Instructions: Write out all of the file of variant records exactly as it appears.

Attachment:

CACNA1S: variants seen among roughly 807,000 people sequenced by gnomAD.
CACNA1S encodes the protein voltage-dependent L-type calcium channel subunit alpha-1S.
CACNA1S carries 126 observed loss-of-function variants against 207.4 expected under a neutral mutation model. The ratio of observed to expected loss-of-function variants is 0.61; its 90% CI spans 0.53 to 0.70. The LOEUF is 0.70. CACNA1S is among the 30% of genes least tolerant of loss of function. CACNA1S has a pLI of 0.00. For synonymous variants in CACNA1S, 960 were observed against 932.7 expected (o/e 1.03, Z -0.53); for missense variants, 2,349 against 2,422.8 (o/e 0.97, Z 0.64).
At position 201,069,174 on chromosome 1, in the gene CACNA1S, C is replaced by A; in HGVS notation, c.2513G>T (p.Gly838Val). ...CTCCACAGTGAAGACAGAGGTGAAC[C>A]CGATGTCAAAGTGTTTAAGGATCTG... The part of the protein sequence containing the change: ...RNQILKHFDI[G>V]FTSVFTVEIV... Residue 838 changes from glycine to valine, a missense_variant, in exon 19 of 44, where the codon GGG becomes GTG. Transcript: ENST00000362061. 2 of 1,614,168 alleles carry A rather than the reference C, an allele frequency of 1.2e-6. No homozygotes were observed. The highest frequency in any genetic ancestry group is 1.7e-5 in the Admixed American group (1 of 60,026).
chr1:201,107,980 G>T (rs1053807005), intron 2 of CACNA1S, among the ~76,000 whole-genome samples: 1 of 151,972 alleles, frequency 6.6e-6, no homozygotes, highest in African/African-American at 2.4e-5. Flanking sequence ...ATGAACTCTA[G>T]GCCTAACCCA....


CACNA1S: variants seen among roughly 807,000 people sequenced by gnomAD.
CACNA1S encodes the protein voltage-dependent L-type calcium channel subunit alpha-1S.
CACNA1S carries 126 observed loss-of-function variants against 207.4 expected under a neutral mutation model. The ratio of observed to expected loss-of-function variants is 0.61; its 90% CI spans 0.53 to 0.70. The LOEUF is 0.70. CACNA1S is among the 30% of genes least tolerant of loss of function. CACNA1S has a pLI of 0.00. For synonymous variants in CACNA1S, 960 were observed against 932.7 expected (o/e 1.03, Z -0.53); for missense variants, 2,349 against 2,422.8 (o/e 0.97, Z 0.64).
At position 201,069,174 on chromosome 1, in the gene CACNA1S, C is replaced by A; in HGVS notation, c.2513G>T (p.Gly838Val). ...CTCCACAGTGAAGACAGAGGTGAAC[C>A]CGATGTCAAAGTGTTTAAGGATCTG... The part of the protein sequence containing the change: ...RNQILKHFDI[G>V]FTSVFTVEIV... Residue 838 changes from glycine to valine, a missense_variant, in exon 19 of 44, where the codon GGG becomes GTG. Transcript: ENST00000362061. 2 of 1,614,168 alleles carry A rather than the reference C, an allele frequency of 1.2e-6. No homozygotes were observed. The highest frequency in any genetic ancestry group is 1.7e-5 in the Admixed American group (1 of 60,026).
chr1:201,107,980 G>T (rs1053807005), intron 2 of CACNA1S, among the ~76,000 whole-genome samples: 1 of 151,972 alleles, frequency 6.6e-6, no homozygotes, highest in African/African-American at 2.4e-5. Flanking sequence ...ATGAACTCTA[G>T]GCCTAACCCA....